1 Answer | Add Yours
President Johnson was quite different from Abraham Lincoln, to say the least. From Tennessee, Johnson was a southerner at heart who believed very strongly in states' rights. He didn't like the idea of a federal agency like the Freedmen's Bureau being a part of any social re-engineering of southern society. He had recommended that southern states be readmitted under Lincoln's 10% Plan, and that they had met all of his conditions, but Congress completely disagreed and didn't want the southern states let off the hook so easily, until at least they had approved the 14th Amendment giving freed slaves citizenship. So they passed the Freedmen's Bureau bill as a way to push civil rights, and Johnson vetoed it on those grounds alone.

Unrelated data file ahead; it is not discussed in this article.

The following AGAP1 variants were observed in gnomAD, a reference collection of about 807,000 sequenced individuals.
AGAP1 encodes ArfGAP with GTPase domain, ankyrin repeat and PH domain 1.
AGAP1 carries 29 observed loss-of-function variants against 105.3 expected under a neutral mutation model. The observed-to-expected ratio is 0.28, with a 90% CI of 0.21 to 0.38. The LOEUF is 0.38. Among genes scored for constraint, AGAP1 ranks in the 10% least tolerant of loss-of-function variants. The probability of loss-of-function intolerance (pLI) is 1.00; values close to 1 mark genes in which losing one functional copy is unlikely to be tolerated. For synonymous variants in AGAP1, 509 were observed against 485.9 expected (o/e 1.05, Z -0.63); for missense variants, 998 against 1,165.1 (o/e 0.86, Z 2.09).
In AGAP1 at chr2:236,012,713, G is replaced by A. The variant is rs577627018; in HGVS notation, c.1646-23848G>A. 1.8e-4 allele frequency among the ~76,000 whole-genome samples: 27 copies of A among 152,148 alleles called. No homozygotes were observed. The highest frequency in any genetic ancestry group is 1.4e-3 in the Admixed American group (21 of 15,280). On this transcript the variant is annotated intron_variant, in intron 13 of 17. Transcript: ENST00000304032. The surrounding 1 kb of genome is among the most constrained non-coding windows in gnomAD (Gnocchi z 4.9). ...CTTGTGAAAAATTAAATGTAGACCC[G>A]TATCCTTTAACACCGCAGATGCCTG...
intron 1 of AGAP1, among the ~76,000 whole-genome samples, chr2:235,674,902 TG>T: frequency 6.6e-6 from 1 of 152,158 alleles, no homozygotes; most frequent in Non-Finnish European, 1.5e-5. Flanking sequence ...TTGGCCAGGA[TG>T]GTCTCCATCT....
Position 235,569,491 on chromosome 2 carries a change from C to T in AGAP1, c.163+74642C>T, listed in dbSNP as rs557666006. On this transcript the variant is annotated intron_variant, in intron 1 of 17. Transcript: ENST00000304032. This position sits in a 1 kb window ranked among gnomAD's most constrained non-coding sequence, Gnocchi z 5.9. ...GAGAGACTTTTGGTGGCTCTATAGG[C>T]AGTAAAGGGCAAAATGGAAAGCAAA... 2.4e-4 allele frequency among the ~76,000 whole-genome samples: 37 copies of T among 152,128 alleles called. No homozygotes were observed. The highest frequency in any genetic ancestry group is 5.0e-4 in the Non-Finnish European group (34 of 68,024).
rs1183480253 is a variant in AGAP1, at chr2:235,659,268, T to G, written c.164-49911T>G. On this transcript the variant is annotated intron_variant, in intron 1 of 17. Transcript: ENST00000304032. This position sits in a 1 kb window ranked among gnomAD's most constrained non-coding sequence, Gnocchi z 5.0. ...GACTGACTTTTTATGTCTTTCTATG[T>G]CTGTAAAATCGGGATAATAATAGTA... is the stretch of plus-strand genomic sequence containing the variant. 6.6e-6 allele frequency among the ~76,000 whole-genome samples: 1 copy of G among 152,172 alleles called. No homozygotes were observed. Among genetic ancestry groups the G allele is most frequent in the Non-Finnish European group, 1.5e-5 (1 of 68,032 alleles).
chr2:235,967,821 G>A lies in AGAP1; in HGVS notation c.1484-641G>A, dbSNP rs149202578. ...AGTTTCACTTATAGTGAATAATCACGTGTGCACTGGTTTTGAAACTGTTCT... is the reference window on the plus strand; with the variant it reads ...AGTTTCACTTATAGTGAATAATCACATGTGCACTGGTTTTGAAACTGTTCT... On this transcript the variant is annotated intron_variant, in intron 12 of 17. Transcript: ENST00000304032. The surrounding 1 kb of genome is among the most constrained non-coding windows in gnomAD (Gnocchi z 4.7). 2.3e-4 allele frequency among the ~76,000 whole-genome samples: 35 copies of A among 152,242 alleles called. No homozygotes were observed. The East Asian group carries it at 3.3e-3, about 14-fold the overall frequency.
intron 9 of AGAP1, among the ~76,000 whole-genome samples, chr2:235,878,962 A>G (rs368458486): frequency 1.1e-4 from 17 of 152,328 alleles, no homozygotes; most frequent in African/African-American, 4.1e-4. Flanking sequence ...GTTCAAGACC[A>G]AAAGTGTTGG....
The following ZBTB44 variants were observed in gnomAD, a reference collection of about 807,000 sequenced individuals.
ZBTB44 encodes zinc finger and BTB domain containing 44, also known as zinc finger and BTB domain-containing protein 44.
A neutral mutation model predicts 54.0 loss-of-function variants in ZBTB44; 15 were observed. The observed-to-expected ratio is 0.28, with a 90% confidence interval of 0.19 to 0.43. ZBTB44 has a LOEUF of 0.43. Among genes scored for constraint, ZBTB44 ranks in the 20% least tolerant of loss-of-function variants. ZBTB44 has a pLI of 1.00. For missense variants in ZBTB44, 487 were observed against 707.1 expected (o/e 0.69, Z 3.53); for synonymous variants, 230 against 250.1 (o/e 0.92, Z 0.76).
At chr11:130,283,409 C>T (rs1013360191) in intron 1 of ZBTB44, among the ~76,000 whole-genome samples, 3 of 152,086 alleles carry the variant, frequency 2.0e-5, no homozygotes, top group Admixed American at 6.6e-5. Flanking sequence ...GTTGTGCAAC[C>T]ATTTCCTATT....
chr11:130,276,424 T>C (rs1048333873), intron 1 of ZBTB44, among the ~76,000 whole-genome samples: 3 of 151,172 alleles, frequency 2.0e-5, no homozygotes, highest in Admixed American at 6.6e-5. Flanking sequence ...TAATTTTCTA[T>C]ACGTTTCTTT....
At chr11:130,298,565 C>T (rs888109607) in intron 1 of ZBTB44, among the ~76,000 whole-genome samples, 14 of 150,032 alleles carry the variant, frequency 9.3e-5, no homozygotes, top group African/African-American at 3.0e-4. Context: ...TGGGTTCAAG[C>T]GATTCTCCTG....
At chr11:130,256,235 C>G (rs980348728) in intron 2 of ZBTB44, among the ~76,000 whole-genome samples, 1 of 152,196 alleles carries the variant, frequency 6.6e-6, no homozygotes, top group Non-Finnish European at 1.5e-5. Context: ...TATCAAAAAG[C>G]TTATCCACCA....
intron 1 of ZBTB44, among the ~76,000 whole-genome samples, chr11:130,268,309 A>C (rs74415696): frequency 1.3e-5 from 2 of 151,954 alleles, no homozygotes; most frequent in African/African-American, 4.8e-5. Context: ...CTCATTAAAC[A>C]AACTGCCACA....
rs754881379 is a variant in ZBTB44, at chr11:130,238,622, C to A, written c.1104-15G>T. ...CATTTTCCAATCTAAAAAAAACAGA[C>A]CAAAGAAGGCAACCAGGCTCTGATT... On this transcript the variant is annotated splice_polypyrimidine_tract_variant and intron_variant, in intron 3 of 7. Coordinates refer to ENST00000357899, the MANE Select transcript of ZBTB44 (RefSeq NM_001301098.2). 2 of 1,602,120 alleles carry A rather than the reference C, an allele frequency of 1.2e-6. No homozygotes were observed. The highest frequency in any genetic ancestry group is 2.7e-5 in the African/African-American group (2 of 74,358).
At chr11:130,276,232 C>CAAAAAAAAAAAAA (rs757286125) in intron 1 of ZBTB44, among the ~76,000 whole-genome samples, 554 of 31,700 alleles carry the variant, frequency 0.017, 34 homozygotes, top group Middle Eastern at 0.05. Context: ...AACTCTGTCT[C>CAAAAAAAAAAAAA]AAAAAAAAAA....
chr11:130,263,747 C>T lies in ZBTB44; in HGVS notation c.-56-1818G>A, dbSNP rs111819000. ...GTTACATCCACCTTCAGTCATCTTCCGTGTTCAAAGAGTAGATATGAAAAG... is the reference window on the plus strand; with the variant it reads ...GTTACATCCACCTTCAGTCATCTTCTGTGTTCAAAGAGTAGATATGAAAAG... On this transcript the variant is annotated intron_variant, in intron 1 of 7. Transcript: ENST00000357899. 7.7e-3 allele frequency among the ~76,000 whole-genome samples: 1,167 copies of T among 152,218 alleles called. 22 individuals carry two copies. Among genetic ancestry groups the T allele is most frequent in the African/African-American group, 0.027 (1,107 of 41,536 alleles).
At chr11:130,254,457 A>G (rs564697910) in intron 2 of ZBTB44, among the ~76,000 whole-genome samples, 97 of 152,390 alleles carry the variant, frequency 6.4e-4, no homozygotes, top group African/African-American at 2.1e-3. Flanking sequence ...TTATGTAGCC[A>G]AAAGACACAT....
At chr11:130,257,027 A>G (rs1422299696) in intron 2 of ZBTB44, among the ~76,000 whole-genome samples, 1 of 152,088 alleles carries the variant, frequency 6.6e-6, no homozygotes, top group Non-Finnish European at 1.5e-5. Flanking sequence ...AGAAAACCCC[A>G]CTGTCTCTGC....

In addition, Johnson just didn't like Congress (the feeling was very mutual). Dominated by ardent reconstructionists, Johnson felt marginalized and ignored, and liked to flex one of the only political muscles he had: the veto. In vetoing the continuation of the Freedmen's Bureau in 1866, he started a running battle with Congress which then passed a series of civil rights bills, knowing Johnson would veto them, and then passing them over the veto anyway with a 2/3 majority.
We’ve answered 319,863 questions. We can answer yours, too.Ask a question